So, we headed to a northern state, one near my daughter who happened to have a matching kidney for her father. But before we left, I put our beautiful house with the nice lawn– and the cute lizards, and adorable frogs that walked up our window screens – on the market. We sold just as the real estate bubble was bursting. We also lost all of our belongings to a consignment thief who took advantage of our need to leave quickly and stole all of our tchotchkes, furniture, and memories. What remained I packed and stored in a marathon of dawn to drop-into-bed packing. Only two friends, in this "friendliest" community, helped me. One showed up with her husband and another man to pack the boxes. The other fed me almost nightly and ministered to my state of shock. I comforted myself with words like, “They’re only things. Things can be replaced.” The truth is things you love are often not replaced. You simply seal the memory of those things into a part of your brain that allows you to deal with loss and pain and hurt and go on from there.
We moved into a small but beautiful apartment with the help of a generous relative. My husband’s health deteriorated further as his heart became broken, figuratively and literally, by the losses we were experiencing. We gave away a beloved pet because I couldn’t care for everyone. Months later, my courageous daughter gave a vital organ to her dad because she wasn’t ready to lose him. And I sank into the depression and anger that surrounds losing material wealth and caring for an ailing spouse while worrying that your child has made a sacrifice far too big for anyone you love to make.
I retreated into books and writing, as I always do. I became an on-line mentor to a child in a volunteer reading program. I hung around the local library and made friends with the staff who hocked the director to hire me as a coworker. I can never thank these women enough. They knew nothing about me, but they were (and remain) my salvation. The place we landed was where we stayed. But in this urban-burb of a great metropolis, we cannot afford a half million-dollar brownstone or even the overpriced condo we are now renting with the scenic views of a supermarket. And we don’t have a dog. That hurts about the most. We always had a dog. To not have a dog makes me feel – childless.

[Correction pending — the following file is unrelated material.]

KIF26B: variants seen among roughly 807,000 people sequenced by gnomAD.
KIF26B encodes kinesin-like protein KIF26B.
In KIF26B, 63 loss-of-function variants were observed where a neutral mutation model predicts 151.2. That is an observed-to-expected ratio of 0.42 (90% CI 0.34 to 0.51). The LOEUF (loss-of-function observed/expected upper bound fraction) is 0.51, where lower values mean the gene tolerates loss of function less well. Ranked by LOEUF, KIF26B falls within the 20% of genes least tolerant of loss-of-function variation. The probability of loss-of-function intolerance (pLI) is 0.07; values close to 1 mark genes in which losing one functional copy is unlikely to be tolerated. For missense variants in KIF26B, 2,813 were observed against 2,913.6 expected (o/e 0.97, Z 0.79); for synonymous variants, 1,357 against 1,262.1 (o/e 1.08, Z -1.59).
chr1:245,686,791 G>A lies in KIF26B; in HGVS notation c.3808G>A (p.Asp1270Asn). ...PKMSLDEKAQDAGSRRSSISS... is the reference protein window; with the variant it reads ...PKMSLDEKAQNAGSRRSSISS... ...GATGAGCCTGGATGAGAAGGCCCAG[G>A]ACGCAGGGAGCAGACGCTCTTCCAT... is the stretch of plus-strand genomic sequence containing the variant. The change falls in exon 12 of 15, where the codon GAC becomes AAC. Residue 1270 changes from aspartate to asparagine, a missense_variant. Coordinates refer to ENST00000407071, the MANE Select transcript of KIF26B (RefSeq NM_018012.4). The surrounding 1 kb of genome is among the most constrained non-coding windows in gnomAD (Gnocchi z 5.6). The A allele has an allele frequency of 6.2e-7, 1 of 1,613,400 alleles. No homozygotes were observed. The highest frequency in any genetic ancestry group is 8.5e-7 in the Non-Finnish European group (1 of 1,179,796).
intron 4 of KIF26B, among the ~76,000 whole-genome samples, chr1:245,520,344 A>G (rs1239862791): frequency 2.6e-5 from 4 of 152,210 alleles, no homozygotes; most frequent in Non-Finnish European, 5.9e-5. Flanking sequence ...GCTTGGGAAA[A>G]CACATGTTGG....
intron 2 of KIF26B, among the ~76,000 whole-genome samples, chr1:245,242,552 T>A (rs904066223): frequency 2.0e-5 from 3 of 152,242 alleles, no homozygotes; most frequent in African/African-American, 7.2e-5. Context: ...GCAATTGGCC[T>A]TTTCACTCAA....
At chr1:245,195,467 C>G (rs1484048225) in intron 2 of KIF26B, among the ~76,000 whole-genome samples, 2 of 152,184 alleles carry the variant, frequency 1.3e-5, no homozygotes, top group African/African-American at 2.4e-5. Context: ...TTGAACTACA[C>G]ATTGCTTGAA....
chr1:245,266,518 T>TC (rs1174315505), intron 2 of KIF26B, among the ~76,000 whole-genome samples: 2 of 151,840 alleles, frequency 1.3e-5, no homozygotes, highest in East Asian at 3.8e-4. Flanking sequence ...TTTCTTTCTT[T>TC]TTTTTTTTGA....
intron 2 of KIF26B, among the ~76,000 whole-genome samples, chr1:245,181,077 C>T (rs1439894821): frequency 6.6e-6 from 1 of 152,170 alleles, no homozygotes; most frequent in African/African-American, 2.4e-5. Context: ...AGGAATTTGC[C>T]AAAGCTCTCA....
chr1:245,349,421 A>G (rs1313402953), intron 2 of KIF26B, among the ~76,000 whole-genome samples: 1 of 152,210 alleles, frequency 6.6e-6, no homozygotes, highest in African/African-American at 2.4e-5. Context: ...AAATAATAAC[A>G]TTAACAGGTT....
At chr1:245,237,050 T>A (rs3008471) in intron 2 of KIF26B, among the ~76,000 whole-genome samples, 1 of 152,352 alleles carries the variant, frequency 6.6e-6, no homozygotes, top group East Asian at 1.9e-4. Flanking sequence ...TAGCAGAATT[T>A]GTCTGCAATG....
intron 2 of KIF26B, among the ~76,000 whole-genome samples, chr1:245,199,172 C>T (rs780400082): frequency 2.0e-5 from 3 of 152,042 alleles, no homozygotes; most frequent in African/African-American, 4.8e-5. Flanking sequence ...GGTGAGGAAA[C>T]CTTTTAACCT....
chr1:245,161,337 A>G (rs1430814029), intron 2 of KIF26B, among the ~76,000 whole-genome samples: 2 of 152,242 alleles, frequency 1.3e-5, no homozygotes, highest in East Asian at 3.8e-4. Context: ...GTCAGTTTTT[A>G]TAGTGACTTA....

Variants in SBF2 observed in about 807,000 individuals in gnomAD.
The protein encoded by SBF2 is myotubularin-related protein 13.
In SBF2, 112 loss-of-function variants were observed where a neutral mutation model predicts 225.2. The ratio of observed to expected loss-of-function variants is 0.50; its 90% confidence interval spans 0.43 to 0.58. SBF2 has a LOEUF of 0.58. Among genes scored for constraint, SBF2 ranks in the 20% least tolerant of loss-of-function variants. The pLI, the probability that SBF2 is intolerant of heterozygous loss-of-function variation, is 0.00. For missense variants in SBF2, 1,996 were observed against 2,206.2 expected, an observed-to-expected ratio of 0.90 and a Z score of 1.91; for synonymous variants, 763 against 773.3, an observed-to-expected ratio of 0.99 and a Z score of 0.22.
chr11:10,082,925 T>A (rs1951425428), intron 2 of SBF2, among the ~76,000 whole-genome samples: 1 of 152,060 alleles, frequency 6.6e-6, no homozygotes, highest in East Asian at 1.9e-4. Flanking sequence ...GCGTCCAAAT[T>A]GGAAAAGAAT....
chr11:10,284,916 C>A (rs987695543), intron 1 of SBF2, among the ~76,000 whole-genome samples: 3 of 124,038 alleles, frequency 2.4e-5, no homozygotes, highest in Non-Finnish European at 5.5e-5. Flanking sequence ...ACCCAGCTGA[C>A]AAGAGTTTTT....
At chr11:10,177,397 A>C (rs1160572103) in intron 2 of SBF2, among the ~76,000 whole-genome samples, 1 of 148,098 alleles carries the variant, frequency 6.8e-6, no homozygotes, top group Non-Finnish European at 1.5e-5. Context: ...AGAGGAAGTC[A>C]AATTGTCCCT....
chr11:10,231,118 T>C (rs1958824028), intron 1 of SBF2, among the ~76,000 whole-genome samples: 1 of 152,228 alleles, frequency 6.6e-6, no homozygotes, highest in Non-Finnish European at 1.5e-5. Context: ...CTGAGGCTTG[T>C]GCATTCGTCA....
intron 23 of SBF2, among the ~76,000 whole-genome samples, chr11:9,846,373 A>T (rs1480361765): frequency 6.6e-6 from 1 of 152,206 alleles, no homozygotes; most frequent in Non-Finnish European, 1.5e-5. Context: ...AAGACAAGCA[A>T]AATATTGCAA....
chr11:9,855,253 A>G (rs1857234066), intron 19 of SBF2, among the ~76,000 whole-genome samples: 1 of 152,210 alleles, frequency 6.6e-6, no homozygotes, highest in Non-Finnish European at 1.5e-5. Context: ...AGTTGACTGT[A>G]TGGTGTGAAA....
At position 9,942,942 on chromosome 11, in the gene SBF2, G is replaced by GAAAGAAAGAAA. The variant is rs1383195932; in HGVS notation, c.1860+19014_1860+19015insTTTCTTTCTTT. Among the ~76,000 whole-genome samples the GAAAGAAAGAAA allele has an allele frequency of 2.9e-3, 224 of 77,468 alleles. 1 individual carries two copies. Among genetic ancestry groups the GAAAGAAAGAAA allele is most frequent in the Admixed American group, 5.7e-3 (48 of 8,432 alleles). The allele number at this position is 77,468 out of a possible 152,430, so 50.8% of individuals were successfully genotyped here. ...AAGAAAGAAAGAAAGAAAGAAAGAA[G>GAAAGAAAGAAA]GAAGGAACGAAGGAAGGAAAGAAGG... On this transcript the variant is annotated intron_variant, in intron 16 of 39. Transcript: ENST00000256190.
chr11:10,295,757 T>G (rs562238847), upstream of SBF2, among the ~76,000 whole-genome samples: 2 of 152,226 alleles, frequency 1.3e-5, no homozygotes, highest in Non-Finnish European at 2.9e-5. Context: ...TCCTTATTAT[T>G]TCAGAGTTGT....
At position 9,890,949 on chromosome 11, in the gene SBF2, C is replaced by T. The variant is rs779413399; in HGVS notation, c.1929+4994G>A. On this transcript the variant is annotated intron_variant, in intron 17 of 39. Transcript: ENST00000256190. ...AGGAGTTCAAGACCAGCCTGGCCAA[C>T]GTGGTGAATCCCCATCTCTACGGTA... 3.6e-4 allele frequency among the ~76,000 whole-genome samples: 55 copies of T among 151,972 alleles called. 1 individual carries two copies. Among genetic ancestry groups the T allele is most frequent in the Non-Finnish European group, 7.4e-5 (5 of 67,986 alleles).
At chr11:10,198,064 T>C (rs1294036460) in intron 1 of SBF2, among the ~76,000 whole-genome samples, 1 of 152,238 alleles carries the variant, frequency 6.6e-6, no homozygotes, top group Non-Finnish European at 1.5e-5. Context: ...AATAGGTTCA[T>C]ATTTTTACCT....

And so I resort to magical thinking. I will win a house in a distant city. I will retire because I will no longer have a house payment, my health will remain indefinitely and I will become one of those women in “More” magazine who, in the face of adversity despite the fact that they are 70 years old, reinvents themselves as a tycoon of industry. I will do this with a job so flexible that I will have time to jet up and down the coast to visit my kidney donor child who prefers to stay in the metropolis with her significant other and her "magical thinking" musical career. My house will be surrounded by a lawn for our new dog and perhaps have a basement, and I will take my good dishes and glassware out of storage and invite the neighbors to dinner. And they will tell me that I ought to write about my colorful experiences because no one will believe that all of this could happen to one person, one person who never did a damned thing wrong to anyone to deserve the past eight years of her life. And I will smile when they say that I’m blessed that my daughter’s kidney was a match and that my husband is still alive (though never quite the same). And I will agree that every cloud must have a silver lining, God always has a plan, and no one is ever given a burden bigger than they can carry.
And magically, the rest of my life will be one of ease because I believe in fairy tales and magic, don’t you?
Lois Rubin Gross is a librarian, storyteller and book reviewer.